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pH lowering
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Arturo
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Joined: 13 Jan 2009
Location: Wisconsin

PostPosted: 2010.01.14(Thu)17:44    Post subject: pH lowering Reply with quote

Hi everyone!

I just want to know different methods of lowering pH. I know about driftwoods and tannin(?) acids. Would carbon remove the acids? What other products lower pH? If carbon removes the acids, what other filter material could I use?

Thanks
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Darkblade48
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Joined: 21 Jun 2004
Location: Yokohama, Japan

PostPosted: 2010.01.14(Thu)19:14    Post subject: Reply with quote

Driftwoods will leech tannins which will cause discolouration as well as lowering the pH.

Activated charcoal would remove the tannins.

Peat moss and Indian Almond Leaves will slightly lower the pH. Carbon dioxide will also lower the pH.

As for carbon, there really is no need to use it, unless you are specifically trying to remove something from the water.
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katienaha
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Joined: 18 Dec 2009
Location: British Columbia, Canada

PostPosted: 2010.01.14(Thu)23:54    Post subject: Reply with quote

sorry to steal your thunder, but since it's kind of related - other than esthetic purposes, is there any need to remove tannins from the water? Are any fish out there harmed by tannins? My tank is getting stained from my driftwood, but I kind of like it Smile
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Maestro
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Joined: 25 Oct 2008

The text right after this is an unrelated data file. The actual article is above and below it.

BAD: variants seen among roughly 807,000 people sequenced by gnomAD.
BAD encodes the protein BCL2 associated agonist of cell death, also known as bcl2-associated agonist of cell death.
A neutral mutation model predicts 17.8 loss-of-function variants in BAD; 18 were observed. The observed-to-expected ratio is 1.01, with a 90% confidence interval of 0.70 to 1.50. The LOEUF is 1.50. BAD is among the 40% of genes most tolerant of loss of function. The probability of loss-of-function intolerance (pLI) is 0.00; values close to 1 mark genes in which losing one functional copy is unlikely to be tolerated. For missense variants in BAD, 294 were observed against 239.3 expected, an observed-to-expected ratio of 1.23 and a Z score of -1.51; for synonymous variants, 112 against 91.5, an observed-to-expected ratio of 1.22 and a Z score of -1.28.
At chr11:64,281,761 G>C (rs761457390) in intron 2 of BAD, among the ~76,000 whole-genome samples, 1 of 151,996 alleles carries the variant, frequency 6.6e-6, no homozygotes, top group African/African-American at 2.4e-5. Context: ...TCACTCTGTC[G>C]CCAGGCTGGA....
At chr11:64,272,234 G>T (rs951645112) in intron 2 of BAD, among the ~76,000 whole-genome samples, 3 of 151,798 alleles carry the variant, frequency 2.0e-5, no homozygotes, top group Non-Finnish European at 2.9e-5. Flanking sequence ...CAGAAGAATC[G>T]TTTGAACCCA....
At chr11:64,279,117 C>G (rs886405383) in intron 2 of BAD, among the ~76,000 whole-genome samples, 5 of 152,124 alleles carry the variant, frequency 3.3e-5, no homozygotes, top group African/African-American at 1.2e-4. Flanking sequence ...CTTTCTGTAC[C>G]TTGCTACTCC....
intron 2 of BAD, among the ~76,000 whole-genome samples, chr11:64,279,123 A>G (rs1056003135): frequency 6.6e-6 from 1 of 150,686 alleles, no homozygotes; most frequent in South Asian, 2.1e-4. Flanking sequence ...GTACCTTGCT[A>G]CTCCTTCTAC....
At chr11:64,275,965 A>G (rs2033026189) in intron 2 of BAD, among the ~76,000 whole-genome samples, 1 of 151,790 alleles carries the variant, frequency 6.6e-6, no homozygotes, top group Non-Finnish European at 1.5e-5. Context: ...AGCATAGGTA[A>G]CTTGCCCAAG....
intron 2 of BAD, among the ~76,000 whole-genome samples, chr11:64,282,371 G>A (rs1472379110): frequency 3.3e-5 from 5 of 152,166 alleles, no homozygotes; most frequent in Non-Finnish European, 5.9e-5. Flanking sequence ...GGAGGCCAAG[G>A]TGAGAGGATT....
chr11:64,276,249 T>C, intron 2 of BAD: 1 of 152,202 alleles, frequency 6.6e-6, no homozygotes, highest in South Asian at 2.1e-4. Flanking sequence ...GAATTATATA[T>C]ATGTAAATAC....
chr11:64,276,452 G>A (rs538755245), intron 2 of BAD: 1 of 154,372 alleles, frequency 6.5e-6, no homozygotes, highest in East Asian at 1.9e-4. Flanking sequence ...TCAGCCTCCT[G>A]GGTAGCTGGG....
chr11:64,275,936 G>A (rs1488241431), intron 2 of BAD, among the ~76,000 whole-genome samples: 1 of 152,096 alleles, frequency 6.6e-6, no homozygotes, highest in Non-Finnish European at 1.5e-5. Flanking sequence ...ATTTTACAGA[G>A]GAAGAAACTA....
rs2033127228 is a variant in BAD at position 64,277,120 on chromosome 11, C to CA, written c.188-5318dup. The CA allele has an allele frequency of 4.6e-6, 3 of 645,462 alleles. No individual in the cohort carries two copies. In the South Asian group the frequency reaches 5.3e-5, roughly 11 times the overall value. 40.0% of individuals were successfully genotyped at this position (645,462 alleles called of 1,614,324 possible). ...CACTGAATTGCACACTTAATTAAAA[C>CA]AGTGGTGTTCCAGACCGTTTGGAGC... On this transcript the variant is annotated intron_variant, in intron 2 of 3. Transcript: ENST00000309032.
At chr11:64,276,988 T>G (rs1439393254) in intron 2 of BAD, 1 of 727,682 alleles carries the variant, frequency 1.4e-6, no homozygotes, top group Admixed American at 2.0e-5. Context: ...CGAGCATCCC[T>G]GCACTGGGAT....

Location: United States

PostPosted: 2010.01.15(Fri)13:58    Post subject: Reply with quote

Nope, the tannins cause no problems as far as what I have seen.
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monstrosity
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Joined: 16 Oct 2009
Location: Tennessee, USA

PostPosted: 2010.01.15(Fri)23:13    Post subject: Reply with quote

People use the tannins to create tank themes, such as Amazon acid pool themes.

Arturo, carbon is also used for plants, not just to get stuff out of the water. I reccomend using co2 to lower your tank's pH, because it's great for plants, too.

Another method used to lower pH is adding peat moss to the filter. Just put it in a filter media bag or pantyhoes, and put it in the filter.
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Darkblade48
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Joined: 21 Jun 2004
Location: Yokohama, Japan

PostPosted: 2010.01.16(Sat)0:05    Post subject: Reply with quote

monstrosity wrote:
Arturo, carbon is also used for plants, not just to get stuff out of the water.

I believe in this case, Arturo was talking about activated charcoal (carbon), not the carbon (molecule) that is part of carbon dioxide.
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Anthony
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Arturo
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Joined: 13 Jan 2009
Location: Wisconsin

PostPosted: 2010.01.16(Sat)23:28    Post subject: Reply with quote

That's exactly what I was talking about Darkblade48
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snausage
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Joined: 09 Feb 2010

PostPosted: 2010.02.09(Tue)10:26    Post subject: Reply with quote

If you aren't squeamish about adding chemicals, I've had great success with API's pH down.
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Darkblade48
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Joined: 21 Jun 2004
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PostPosted: 2010.02.09(Tue)16:31    Post subject: Reply with quote

snausage wrote:
If you aren't squeamish about adding chemicals, I've had great success with API's pH down.

This is definitely not the way to go about lowering pH. Playing with water chemistry by adding phosphate buffers is never a good idea.

More often than not, aspiring hobbyists kill many fish by having the pH fluctuate up and down due to the addition of such chemicals.
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snausage
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Joined: 09 Feb 2010

PostPosted: 2010.02.10(Wed)0:08    Post subject: Reply with quote

Another option is adding peat moss filter media. Fluval manufactures it, but you'll have to purchase one of those special nylon media bags (like 7 bucks for a name brand).
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